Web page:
Sharon's weekly missive was prompted by a piece by a NASA climate scientist here in the US, who is tracking human impact on oceans (they're the last sink for the CO2 that we're producing), and her take was not positive.

But, she (the scientist) also wrote that she wasn't willing to have her child live a life without carbon (that is, without modern conveniences and visiting the grandparents through travel). So the question really, that Sharon was asking us to consider, is how much are we willing to do individually to reduce our impact on the earth?

It was a compelling piece, and thought-provoking.

I've tried to do the best that I can over the last 4 decades (I was a teenager at the time of the first Earth Day here in the US, and studied environmental science and biology in college, and became a plant ecologist in graduate school.) This has been on my mind for a long time.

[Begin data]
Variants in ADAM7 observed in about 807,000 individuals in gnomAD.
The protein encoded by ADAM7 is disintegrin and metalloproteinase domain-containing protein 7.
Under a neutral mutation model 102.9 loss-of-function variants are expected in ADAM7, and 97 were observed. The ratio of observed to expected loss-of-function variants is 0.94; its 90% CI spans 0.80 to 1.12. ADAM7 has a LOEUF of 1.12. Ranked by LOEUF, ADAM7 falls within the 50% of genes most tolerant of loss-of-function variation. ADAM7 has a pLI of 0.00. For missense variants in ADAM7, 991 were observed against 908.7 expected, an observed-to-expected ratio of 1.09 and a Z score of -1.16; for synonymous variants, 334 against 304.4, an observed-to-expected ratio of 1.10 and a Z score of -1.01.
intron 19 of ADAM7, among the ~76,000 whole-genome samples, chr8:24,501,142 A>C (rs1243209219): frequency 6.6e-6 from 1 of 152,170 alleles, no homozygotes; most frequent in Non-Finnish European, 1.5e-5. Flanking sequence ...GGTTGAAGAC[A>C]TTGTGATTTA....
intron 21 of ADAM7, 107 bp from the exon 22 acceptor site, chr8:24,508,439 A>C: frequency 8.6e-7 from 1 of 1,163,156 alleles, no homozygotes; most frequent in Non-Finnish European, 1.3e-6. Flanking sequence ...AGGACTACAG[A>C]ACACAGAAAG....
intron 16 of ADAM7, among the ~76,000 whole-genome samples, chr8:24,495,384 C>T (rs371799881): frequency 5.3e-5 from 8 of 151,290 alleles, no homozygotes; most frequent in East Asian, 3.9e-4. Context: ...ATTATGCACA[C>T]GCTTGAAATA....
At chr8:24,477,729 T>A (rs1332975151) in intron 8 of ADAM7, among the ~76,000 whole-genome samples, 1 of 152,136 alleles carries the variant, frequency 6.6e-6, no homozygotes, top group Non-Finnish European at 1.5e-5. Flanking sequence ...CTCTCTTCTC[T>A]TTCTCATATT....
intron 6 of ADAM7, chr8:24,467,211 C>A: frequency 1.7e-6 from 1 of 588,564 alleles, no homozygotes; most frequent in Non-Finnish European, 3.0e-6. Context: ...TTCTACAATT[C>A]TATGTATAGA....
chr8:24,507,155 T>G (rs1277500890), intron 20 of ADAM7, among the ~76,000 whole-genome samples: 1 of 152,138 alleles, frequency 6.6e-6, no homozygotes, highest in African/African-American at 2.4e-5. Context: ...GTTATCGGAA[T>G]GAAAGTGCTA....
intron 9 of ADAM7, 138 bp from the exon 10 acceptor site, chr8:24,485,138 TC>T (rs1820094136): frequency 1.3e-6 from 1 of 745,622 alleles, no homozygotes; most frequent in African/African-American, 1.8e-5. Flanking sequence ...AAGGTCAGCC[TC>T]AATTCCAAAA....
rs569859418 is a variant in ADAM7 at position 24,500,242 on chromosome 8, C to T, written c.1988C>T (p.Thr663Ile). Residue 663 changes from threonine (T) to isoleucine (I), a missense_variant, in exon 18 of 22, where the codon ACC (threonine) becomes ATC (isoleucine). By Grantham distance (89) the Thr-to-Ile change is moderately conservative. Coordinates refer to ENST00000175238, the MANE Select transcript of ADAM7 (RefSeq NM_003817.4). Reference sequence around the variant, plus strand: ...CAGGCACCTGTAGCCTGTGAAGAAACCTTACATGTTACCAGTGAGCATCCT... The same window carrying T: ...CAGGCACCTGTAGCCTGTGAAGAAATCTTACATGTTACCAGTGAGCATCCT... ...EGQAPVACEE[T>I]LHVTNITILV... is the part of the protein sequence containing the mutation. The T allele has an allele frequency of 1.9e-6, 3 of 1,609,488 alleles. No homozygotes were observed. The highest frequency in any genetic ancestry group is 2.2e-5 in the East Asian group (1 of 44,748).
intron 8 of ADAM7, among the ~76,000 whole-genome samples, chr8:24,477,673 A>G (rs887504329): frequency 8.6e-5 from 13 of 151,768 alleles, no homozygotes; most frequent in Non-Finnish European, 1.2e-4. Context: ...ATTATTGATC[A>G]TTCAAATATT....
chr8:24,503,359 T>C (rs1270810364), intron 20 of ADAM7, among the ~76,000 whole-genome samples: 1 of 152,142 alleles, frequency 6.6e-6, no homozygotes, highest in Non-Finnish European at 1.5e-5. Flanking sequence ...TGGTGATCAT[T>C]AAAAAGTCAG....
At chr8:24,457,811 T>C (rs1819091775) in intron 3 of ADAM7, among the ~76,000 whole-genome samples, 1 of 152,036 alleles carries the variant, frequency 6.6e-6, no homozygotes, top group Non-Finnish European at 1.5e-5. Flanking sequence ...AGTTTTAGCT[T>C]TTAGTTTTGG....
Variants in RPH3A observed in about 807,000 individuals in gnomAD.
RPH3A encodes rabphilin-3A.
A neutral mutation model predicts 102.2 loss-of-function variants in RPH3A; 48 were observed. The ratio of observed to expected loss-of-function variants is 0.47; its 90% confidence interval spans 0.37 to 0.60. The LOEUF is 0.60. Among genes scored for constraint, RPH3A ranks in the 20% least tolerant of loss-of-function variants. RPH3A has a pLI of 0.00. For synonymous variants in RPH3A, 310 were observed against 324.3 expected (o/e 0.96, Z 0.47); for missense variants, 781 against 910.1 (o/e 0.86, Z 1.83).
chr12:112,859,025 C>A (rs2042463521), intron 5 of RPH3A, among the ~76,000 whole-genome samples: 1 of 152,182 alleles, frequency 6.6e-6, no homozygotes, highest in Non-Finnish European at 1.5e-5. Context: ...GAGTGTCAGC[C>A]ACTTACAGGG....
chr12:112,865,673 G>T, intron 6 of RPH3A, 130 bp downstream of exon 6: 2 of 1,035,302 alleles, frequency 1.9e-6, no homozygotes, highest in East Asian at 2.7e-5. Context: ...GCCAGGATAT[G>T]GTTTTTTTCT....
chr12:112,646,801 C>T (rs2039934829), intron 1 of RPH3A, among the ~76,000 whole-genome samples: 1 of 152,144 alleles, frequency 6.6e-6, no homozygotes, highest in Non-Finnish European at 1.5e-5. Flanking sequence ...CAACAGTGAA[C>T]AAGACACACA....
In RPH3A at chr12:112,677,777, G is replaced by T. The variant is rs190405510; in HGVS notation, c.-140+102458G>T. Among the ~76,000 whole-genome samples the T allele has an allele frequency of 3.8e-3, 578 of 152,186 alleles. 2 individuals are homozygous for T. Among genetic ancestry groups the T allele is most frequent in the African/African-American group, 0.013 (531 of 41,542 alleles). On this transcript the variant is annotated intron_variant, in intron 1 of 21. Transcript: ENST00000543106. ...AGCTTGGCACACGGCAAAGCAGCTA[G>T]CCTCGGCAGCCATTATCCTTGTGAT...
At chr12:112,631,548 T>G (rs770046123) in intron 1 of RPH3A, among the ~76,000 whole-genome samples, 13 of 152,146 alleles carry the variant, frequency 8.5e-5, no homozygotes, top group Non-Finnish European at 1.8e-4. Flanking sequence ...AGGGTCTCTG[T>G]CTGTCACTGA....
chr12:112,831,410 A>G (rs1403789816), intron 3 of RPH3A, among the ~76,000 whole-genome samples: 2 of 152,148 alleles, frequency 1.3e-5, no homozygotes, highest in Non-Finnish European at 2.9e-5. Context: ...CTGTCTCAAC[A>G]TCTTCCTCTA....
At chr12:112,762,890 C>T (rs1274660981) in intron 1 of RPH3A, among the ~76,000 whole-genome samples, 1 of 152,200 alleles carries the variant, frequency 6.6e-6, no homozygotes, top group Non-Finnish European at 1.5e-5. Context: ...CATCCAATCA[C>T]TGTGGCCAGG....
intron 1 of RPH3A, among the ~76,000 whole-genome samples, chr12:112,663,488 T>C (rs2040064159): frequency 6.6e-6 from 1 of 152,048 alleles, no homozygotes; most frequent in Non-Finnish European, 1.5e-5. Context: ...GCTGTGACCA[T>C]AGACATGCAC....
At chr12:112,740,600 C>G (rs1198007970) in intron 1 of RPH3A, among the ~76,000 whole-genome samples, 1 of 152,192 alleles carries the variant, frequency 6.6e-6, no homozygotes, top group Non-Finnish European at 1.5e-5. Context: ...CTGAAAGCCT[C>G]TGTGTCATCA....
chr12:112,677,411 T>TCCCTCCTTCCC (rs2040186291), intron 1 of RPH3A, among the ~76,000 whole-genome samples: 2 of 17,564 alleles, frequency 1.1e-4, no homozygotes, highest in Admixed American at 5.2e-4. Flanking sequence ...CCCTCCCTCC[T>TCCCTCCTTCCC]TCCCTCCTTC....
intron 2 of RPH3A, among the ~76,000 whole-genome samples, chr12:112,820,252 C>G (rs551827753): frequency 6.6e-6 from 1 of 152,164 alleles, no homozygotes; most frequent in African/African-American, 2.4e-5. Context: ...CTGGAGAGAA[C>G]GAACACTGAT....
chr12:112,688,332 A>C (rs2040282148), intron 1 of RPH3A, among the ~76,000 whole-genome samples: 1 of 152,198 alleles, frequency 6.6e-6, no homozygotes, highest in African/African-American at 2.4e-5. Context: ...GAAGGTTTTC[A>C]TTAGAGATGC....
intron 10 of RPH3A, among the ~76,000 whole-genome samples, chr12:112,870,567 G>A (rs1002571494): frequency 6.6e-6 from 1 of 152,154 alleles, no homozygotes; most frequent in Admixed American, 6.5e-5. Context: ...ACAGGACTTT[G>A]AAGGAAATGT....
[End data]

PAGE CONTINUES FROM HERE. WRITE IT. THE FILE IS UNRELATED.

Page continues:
My major carbon use now is travel. But it's perhaps offset because we don't have children? As well as offsets? We live in a small house that's energy-efficient, we recycle everything, I buy clothes at the thrift store (eg. recycled), yada, yada, etc. - but that's really not enough on a planet with an expanding population.

I have no answers. But I'm thinking it's also the "tragedy of the commons," too, as we all put our heads down in the sand.

It was interesting to search my past posts for "stewardship" and read what came up.


Maypops below: host plant for Gulf Frillary butterflies

Sunday, August 6, 2017

River rock tales

Carefully placed river rock (stone by stone)
I've been too tired after placing river rock (in place of the mulch around my raised vegetable beds and in our front path) -- for the last 3 days (3-4 hours in the morning and an hour or so in the evening is about all I can do), to manage an new post about the garden or any nature observations.  Thank goodness, my gardening companion was doing the really heavy lifting, but I'm the rock placer.